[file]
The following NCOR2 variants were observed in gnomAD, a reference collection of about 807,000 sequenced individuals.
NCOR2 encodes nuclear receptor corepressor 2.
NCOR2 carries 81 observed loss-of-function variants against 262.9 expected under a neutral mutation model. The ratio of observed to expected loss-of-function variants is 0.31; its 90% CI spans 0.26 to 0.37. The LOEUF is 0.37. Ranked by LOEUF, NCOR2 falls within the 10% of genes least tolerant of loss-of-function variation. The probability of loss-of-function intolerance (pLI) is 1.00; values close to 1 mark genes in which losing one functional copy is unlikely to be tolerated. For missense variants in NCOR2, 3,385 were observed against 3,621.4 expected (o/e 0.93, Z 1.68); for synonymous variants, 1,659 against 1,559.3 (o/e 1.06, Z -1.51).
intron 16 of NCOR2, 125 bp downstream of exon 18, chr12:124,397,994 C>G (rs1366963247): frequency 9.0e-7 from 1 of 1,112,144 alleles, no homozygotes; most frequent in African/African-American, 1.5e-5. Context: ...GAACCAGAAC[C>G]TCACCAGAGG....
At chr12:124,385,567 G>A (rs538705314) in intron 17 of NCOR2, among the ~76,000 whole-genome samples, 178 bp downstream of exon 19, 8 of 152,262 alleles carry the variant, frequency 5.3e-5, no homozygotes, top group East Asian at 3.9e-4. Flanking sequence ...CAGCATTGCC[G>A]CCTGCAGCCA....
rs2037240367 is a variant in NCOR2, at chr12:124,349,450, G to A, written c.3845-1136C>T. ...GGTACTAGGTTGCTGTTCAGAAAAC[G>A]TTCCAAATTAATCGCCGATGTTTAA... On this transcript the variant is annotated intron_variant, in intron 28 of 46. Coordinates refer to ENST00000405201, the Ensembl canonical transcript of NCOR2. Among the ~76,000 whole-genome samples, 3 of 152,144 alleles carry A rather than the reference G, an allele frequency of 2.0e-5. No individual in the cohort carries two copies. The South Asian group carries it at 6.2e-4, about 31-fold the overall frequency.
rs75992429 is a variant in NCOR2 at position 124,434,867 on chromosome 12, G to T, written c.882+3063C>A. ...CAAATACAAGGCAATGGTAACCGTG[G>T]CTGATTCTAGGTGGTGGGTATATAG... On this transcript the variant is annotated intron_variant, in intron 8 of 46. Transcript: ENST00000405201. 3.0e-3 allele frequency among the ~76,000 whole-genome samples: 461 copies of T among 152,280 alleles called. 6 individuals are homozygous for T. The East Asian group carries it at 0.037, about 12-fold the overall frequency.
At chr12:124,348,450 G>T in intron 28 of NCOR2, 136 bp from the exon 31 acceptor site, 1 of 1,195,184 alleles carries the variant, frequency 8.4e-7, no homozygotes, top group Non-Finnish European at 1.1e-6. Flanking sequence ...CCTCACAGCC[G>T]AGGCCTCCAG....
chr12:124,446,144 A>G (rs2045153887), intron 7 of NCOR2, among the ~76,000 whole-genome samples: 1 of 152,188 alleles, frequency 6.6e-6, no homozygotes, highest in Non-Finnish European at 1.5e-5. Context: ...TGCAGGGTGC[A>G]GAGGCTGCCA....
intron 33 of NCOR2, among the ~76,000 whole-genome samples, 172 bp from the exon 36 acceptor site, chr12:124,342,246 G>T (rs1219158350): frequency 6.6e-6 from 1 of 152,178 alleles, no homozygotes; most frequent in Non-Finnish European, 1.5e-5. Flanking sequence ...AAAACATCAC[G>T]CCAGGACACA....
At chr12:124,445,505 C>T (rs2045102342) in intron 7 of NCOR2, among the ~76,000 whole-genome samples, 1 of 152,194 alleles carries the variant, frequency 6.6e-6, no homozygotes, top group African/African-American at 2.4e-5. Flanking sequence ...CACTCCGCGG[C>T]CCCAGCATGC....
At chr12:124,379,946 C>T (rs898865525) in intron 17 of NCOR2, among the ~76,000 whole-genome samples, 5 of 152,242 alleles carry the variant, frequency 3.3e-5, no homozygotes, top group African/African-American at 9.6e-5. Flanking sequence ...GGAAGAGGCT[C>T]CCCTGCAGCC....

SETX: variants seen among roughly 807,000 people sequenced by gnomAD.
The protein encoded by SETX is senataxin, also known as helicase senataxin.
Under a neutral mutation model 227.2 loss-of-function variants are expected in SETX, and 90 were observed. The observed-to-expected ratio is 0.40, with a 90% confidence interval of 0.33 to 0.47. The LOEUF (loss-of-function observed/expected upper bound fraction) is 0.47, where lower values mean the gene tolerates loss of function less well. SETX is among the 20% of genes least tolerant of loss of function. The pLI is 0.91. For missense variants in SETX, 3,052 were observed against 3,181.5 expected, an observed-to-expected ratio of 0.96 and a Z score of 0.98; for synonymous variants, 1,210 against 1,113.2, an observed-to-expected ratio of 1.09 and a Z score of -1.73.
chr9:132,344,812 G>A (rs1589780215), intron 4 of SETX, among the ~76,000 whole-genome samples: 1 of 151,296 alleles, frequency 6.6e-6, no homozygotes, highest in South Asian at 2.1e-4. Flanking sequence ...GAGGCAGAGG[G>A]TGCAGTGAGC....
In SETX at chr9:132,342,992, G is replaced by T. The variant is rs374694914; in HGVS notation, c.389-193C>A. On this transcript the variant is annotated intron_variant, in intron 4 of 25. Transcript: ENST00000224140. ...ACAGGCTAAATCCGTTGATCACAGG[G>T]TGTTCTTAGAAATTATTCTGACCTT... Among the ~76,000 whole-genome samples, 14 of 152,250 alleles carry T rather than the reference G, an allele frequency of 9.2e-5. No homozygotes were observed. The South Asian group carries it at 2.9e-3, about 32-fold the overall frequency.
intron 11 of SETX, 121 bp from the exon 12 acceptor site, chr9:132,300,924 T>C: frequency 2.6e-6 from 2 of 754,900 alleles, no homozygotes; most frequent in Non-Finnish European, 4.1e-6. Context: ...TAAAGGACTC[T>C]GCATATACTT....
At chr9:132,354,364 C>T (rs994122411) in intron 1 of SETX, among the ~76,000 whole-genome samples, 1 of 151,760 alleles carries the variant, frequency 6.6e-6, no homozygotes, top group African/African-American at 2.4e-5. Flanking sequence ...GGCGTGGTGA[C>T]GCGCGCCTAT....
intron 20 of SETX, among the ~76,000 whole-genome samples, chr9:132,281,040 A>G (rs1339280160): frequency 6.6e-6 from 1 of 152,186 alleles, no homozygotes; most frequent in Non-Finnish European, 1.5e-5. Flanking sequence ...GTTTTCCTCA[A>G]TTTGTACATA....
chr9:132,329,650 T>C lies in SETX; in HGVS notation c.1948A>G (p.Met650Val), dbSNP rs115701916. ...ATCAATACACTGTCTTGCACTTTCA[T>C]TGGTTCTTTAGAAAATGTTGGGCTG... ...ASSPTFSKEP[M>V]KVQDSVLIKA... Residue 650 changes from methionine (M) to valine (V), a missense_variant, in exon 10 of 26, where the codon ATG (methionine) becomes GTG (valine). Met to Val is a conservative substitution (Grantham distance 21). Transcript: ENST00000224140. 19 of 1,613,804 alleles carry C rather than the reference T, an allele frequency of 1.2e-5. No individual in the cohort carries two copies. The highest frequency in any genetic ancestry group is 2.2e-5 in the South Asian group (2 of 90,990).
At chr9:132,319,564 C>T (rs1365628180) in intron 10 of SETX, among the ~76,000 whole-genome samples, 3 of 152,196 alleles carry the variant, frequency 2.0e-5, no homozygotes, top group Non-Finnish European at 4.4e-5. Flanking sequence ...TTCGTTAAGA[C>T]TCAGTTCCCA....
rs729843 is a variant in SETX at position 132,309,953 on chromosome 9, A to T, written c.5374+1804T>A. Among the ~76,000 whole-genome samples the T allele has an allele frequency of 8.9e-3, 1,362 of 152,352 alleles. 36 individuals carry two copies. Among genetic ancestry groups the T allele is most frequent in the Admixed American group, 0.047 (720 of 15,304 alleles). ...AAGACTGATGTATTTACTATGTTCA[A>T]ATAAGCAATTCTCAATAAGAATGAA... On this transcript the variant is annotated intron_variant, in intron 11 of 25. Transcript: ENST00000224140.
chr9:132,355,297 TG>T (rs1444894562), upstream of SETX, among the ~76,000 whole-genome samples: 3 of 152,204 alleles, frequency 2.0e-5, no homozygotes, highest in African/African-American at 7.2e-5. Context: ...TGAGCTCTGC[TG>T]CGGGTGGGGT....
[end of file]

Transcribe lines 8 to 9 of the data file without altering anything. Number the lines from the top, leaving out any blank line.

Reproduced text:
At chr12:124,348,450 G>T in intron 28 of NCOR2, 136 bp from the exon 31 acceptor site, 1 of 1,195,184 alleles carries the variant, frequency 8.4e-7, no homozygotes, top group Non-Finnish European at 1.1e-6. Flanking sequence ...CCTCACAGCC[G>T]AGGCCTCCAG....
chr12:124,446,144 A>G (rs2045153887), intron 7 of NCOR2, among the ~76,000 whole-genome samples: 1 of 152,188 alleles, frequency 6.6e-6, no homozygotes, highest in Non-Finnish European at 1.5e-5. Context: ...TGCAGGGTGC[A>G]GAGGCTGCCA....